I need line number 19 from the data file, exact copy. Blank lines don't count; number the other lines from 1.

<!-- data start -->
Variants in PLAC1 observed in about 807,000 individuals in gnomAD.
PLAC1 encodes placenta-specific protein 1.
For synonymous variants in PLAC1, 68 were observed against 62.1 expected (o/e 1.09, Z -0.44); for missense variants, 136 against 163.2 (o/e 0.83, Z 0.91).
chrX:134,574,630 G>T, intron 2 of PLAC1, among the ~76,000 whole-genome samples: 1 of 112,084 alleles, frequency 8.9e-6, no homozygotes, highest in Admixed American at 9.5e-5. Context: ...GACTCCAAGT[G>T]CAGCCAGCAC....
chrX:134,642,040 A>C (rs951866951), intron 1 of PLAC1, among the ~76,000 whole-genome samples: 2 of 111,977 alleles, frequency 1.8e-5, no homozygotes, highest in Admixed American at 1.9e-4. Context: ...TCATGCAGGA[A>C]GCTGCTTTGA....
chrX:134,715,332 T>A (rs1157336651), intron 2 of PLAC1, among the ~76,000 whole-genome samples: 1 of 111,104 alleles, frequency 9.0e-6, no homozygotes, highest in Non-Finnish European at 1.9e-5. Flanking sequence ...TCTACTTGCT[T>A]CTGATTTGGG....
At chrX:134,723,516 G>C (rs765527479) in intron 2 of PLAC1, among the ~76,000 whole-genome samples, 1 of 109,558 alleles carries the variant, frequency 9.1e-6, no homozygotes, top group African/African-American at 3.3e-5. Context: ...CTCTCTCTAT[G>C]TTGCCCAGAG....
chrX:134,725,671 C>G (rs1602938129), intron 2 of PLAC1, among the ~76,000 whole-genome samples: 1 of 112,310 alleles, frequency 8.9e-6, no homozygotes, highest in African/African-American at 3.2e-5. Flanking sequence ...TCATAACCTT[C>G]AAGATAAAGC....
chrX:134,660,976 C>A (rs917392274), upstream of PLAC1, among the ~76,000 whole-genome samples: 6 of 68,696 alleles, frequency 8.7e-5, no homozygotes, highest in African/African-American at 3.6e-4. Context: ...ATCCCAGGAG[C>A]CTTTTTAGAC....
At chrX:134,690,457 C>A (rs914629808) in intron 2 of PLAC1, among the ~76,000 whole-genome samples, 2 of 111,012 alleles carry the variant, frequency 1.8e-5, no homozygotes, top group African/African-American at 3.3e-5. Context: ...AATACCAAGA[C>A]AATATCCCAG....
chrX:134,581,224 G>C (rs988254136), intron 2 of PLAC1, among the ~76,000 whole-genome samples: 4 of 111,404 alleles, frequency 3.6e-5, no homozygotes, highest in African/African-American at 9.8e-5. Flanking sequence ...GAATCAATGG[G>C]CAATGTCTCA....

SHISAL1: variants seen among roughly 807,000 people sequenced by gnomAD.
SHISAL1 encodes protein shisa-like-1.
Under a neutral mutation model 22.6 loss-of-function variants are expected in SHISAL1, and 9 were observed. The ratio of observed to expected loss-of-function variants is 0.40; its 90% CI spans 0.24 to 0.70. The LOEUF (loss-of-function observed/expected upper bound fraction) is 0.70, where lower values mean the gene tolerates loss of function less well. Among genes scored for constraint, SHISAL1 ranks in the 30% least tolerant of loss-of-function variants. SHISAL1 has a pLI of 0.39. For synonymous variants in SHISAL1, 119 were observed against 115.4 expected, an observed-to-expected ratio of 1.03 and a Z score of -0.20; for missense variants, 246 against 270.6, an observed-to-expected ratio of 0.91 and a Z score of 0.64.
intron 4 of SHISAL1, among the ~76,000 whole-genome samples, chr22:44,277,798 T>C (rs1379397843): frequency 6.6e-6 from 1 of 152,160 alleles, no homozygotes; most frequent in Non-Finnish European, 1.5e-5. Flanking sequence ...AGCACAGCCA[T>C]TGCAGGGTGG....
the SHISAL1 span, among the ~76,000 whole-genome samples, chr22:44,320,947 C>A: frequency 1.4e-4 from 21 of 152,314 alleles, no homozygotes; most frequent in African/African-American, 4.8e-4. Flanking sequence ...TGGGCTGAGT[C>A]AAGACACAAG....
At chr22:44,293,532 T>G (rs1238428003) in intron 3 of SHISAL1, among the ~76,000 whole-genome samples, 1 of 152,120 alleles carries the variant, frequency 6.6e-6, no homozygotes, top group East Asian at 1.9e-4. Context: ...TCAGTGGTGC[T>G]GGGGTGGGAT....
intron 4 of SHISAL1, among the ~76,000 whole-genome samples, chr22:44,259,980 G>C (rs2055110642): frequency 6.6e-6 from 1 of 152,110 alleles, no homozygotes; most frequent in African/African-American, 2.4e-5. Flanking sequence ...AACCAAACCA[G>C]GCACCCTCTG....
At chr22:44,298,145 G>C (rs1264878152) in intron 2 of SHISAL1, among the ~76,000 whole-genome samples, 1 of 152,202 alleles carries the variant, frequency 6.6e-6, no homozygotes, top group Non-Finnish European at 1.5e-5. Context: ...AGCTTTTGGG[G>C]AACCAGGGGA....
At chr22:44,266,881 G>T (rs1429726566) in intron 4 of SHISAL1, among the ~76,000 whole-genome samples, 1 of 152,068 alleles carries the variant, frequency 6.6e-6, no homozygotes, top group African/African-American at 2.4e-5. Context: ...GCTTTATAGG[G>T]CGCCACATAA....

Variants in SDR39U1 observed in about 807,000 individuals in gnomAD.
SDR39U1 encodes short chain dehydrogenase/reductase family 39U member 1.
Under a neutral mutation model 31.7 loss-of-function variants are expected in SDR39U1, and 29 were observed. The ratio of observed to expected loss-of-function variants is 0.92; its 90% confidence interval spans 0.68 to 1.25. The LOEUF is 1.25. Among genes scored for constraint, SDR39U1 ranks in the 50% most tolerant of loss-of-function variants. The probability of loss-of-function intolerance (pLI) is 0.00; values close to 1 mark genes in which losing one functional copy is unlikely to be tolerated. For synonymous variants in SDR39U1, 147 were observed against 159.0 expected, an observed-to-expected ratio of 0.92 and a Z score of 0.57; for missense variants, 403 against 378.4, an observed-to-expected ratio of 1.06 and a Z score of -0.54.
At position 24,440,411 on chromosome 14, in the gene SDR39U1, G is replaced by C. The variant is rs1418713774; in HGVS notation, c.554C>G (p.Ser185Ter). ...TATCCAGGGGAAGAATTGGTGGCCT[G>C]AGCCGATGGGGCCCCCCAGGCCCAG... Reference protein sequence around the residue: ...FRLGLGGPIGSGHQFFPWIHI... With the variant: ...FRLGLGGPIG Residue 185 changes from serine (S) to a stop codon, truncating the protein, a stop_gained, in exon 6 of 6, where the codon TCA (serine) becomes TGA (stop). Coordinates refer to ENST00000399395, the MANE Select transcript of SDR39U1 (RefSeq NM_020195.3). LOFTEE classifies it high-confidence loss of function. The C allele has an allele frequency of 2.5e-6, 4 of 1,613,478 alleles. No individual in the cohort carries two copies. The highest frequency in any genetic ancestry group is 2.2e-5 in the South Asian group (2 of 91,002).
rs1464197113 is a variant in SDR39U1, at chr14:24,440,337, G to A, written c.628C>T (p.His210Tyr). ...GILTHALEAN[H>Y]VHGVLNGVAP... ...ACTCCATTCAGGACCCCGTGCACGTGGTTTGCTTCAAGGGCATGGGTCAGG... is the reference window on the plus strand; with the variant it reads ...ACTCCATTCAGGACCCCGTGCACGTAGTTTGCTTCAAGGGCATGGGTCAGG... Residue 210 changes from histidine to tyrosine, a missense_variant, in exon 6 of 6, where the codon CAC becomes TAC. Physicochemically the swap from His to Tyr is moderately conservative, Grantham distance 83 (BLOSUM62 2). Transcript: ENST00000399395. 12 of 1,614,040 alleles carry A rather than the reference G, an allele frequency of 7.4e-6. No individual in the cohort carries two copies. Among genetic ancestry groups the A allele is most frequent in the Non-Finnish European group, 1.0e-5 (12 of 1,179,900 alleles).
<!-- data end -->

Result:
At chr22:44,298,145 G>C (rs1264878152) in intron 2 of SHISAL1, among the ~76,000 whole-genome samples, 1 of 152,202 alleles carries the variant, frequency 6.6e-6, no homozygotes, top group Non-Finnish European at 1.5e-5. Context: ...AGCTTTTGGG[G>C]AACCAGGGGA....